Betty Sime Conroy remembers the county's miscalculation. A veteran local activist who served as chairwoman of the Key Biscayne Council when it was an informal lobbying group before incorporation, she notes that in the late Eighties county officials approved two huge condominium and hotel projects -- the Ocean Club and the sprawling Grand Bay development -- on the assumption that Crandon Park would be available to satisfy the county's required allotment of playing fields. But a series of protracted and fiercely fought lawsuits changed all that.
In response to the county's decision to build a massive tennis center in Crandon Park (now home to the annual Ericsson Open tennis tournament), the Matheson family, which had donated the 975 acres that created the park, filed a lawsuit to halt the project. Litigation eventually gave way to negotiation, with the result being a radical new master plan for Crandon, meticulously crafted by family spokesman Bruce Matheson and adopted by the county commission in 1993. That plan calls for a dramatic reduction in active uses of the park, including the conversion of the two existing baseball fields to a large grassy meadow and a prohibition on the creation of similar sports facilities in the future.
In short, the county guessed wrong when it counted on Crandon Park's perpetual availability for new athletic fields to serve the growing needs of Key Biscayne. “If we had been incorporated earlier, we would have playing fields,” says Sime Conroy, referring to the lost opportunity to require developers of the Ocean Club and Grand Bay projects to set aside property for public parkland. A similar opportunity presented itself in the early Nineties, when a momentarily shaky economy prompted the builders to scale back their projects. Revised plans had to be approved by the newly incorporated village council. Sime Conroy, who won a seat on that body, saw it as a chance to win concessions for donated parkland, but the new plans won approval without any parkland component.
Bruce Matheson, who continues to wield extraordinary influence over Crandon Park, says he has no intention of changing the park's master plan to allow for new athletic fields. “I don't think the county or the state have any responsibility to provide playing fields for the Village of Key Biscayne,” he says flatly. Simon and his Athletic Club proponents, he suggests, should look to Virginia Key for lighted ball fields. (Simon dismisses the idea: “That area has been landfill that predates record-keeping. It's potentially toxic.”)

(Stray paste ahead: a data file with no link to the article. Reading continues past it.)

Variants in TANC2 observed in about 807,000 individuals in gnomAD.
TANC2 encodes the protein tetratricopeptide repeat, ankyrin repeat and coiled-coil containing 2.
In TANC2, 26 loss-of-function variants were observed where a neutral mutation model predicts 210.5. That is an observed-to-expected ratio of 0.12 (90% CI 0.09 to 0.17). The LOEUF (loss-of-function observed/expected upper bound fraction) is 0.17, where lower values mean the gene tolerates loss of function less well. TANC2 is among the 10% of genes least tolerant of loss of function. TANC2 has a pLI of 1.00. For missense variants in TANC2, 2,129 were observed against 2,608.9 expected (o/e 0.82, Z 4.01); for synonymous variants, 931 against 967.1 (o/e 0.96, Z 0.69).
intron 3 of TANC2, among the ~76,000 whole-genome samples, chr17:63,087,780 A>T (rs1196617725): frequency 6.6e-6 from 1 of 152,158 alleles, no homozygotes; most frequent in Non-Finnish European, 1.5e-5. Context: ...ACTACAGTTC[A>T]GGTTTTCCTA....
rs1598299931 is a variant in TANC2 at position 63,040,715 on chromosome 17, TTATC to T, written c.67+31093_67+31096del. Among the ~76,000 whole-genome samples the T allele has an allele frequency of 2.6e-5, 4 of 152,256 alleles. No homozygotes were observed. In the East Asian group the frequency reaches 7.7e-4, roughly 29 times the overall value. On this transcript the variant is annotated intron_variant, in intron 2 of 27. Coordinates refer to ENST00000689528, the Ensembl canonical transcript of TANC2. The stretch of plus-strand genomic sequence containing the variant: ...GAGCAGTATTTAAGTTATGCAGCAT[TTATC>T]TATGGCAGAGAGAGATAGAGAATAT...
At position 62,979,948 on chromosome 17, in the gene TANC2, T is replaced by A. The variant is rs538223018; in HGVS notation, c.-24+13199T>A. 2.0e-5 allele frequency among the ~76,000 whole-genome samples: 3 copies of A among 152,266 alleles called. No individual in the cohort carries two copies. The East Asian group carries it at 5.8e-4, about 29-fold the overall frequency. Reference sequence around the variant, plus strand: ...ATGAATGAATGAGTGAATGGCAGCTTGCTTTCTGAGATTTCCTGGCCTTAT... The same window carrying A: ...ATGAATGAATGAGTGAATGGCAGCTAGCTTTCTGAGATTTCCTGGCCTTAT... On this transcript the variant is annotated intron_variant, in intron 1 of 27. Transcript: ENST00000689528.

If Matheson is successful in blocking incursions into Crandon Park, the Athletic Club hopes to find an alternative in the Cape Florida State Recreation Area, a prospect that causes Mabel Miller to shudder. “Many of us consider this a constant threat to the state park system,” says Miller, a long-time environmental activist and Key Biscayne resident. “There's not a question in the world when it comes providing ball fields for kids: They should have them. But it becomes a matter of priorities when it comes to putting them on state parklands. We can't accede to everything [Simon and his supporters want]. That would set a terrible precedent.”
Miller is not alone in her concern. Albert Gregory, the Tallahassee-based chief of the office of park planning at the state Department of Environmental Protection, says Simon's Athletic Club allies have asked for Cape Florida lands in all but name. “Florida state parks were bought and set aside to provide natural-resources-based recreation, not user-orientated type recreation,” he explains. “Whatever we do in one state park has an effect on what we can say or do in other state parks.
“This land belongs to the people. Converting any percentage of Cape Florida acreage to athletic fields would open a Pandora's box,” Gregory elaborates, noting that any changes to the park's status as a place for passive recreation could mean returning millions of dollars in grants earmarked for restoration following Hurricane Andrew's devastating march across the area in 1992. Park rangers and hundreds of volunteers have nearly completed that work, painstakingly re-creating a landscape and ecosystem close to that which existed before mankind's intrusions. Even a crocodile has turned up in the newly cultivated mangrove estuary. Given such success, a request for land to build athletic fields couldn't come at a more inopportune time.
Despite opposition from Matheson and state park officials, Simon remains hopeful a compromise can be found. But he's bracing for the worst. In his role as president of the Athletic Club, he has created a sort of doomsday scenario for children's athletic activities -- setting upper limits for the number of kids who can participate, developing other types of restrictive measures, and more. “Reasonable people can find reasonable solutions so a child doesn't have to suffer,” he says. “If I'm not successful then it's this future generation who is going to lose.”